Health TipsLiver Sclerosis - Causes, Symptoms, and Treatment

Liver Sclerosis – Causes, Symptoms, and Treatment – A person suffering from Liver Sclerosis will usually have no symptoms at all during the early stages. As the disease advances, however, there may be a variety of symptoms to be aware of. One of the most common symptoms is jaundice, a yellow color caused by bilirubin in the blood. Symptoms may also include fatigue, weakness, bloating, and easy bruising. In rare cases, people with this disease can also experience itching or nausea.

Early Symptoms of Liver Sclerosis

Liver sclerosis is not an acute condition, and it’s often caused by chronic injuries or diseases to the liver. It can also be triggered by exposure to toxic chemicals, drug reactions, or parasitic infections. Early symptoms include no noticeable symptoms, but it can progress to cause yellow skin and whites of the eyes. Once it’s advanced, it can cause cirrhosis, an enlargement of the liver, and other complications.

Treatment for Liver Sclerosis varies, depending on its causes, symptoms, and complications. Typically, the main goal of treatment is to slow down the progression of scar tissue in the liver. Treatment options may include diet and exercise. Sometimes, medication cannot stop the progression of the disease. In such cases, a liver transplant may be necessary. Although it may seem scary, liver transplants are a viable option for those with advanced sclerosis.

Patients suffering from liver sclerosis should follow a meal plan that is balanced and contains all of the essential nutrients and vitamins they need. Raw shellfish and some seafood should be avoided since they can cause severe bacterial infections. A low-sodium diet is recommended as a general guide to improving nutrient intake. Avoid alcohol as this is considered a major cause of Liver Sclerosis and can even worsen the condition. Patients suffering from this condition should also avoid risky sex activities and get vaccinations for hepatitis B.

Diagnosis of Liver Sclerosis Begins with History

The diagnosis of Liver Sclerosis begins with a comprehensive medical history and physical exam. The condition may also cause the development of esophageal varices, which are bulging veins in the esophagus. These are caused by blood backup in the esophagus. In such cases, the doctor may use interferon or other medications. For some, however, the treatment of Liver Sclerosis may include a course of antiviral treatment.

Other complications of Liver Sclerosis include ascites, a pathologic accumulation of fluid in the peritoneal cavity. While it may take many years for the symptoms of the disease to appear, some may become noticeable as the condition progresses. Portal hypertension is the most serious complication and results from a blockage in blood flow through the liver. Varices can also develop, which are enlarged veins that can cause severe internal bleeding.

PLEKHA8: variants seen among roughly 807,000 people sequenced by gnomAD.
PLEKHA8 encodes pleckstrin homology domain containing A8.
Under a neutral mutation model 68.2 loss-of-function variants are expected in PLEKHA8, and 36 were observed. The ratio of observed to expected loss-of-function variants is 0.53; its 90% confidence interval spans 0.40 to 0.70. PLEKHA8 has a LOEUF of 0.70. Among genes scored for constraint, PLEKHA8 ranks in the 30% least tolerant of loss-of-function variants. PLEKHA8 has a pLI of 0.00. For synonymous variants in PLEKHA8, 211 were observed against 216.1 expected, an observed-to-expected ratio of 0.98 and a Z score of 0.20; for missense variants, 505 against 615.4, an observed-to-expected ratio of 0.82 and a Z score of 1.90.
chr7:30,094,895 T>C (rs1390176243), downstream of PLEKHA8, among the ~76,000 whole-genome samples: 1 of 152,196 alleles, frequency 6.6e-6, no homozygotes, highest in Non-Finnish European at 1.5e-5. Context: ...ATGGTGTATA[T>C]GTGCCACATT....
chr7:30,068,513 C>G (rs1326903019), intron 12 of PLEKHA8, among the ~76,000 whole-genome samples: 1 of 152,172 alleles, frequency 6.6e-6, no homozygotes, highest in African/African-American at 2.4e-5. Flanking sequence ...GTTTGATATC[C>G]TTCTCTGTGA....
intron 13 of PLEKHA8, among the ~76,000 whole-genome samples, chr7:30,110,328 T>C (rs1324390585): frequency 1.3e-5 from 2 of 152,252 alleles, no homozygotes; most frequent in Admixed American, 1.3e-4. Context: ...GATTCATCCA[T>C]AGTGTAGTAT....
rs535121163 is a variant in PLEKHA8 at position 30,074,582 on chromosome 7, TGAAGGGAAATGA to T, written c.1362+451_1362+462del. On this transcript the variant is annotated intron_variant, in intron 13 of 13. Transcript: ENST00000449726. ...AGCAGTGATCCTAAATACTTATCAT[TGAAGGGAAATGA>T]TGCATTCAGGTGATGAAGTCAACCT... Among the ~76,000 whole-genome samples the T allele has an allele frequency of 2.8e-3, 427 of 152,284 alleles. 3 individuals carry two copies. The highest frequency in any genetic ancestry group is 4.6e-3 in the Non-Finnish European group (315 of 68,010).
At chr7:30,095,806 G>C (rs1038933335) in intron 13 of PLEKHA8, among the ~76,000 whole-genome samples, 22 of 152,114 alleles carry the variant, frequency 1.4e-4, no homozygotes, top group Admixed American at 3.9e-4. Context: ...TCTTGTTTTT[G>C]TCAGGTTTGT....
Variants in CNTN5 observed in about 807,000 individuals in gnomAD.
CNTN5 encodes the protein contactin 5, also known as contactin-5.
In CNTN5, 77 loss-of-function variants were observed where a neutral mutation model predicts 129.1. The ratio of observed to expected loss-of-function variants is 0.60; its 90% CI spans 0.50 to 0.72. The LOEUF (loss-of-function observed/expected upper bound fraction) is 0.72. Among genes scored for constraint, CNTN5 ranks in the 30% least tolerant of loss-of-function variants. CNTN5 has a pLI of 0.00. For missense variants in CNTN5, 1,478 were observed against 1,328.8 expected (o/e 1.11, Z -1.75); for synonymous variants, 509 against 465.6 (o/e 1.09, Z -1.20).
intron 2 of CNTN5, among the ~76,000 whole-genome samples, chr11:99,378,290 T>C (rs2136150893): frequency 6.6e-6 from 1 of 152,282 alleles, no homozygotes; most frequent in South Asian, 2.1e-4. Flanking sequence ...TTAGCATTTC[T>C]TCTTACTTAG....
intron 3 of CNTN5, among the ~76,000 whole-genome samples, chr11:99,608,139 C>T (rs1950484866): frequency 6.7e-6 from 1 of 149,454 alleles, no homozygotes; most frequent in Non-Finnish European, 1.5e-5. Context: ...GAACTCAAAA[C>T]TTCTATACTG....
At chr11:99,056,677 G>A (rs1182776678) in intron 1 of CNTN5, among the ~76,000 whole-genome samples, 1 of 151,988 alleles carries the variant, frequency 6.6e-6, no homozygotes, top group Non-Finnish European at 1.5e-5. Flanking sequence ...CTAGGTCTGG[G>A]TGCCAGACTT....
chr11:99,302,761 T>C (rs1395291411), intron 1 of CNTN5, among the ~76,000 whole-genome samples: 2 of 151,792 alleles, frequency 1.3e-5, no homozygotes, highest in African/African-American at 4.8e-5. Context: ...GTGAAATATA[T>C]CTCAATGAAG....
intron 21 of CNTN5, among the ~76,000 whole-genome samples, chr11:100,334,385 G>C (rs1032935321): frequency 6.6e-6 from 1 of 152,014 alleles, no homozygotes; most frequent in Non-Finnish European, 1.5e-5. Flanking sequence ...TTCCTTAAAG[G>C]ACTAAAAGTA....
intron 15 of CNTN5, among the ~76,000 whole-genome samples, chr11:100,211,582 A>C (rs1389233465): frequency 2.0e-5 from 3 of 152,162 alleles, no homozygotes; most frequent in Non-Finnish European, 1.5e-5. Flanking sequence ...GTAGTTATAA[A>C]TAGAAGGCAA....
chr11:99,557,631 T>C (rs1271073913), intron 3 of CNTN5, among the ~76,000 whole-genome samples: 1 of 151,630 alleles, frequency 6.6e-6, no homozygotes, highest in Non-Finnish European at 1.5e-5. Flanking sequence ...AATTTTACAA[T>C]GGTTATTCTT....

Fibrosis 4 score is an objective marker for Liver Sclerosis. Fibrosis 4 scores are calculated from the serum aminotransferases, platelet count, and age of the patient. In addition to impaired flow through the liver, vascular damage increases the stiffness of the liver, which may contribute to new HF or increase the risk of cardiovascular events. Although the risk of HF is unclear, it is important to know more about the underlying pathophysiology of Liver Sclerosis.

Causes Blood Clots and Enlarged Liver

Early stages of Liver Sclerosis can be difficult to detect, which is why it is important to be examined by a physician as soon as possible. Early symptoms of the disease may be mistaken for other illnesses. Symptoms can include jaundice, liver failure, and liver cancer. It can also affect other organs in the body. For example, cancer in the pancreas and bile ducts can prevent the proper function of the liver. This type of disease can result in blood clots that can block the ducts and lead to an enlarged liver.\

In late stages of liver disease, scar tissue replaces healthy liver cells. This disease often results from alcohol addiction or infection. It cannot be fixed, but treatment early on will help keep symptoms in check. The liver is an organ the size of a football that filters toxins and makes enzymes to digest food. It also stores sugar and nutrients and fights infections. It is a vital organ for healthy people, and early diagnosis can help avoid serious complications later.


Tremlett, Helen, and Joel Oger. “Hepatic injury, liver monitoring and the beta-interferons for multiple sclerosis.” Journal of neurology 251.11 (2004): 1297-1303.

Van Waes, Leen, and Charles S. Lieber. “Early perivenular sclerosis in alcoholic fatty liver: an index of progressive liver injury.” Gastroenterology 73.4 (1977): 646-650.


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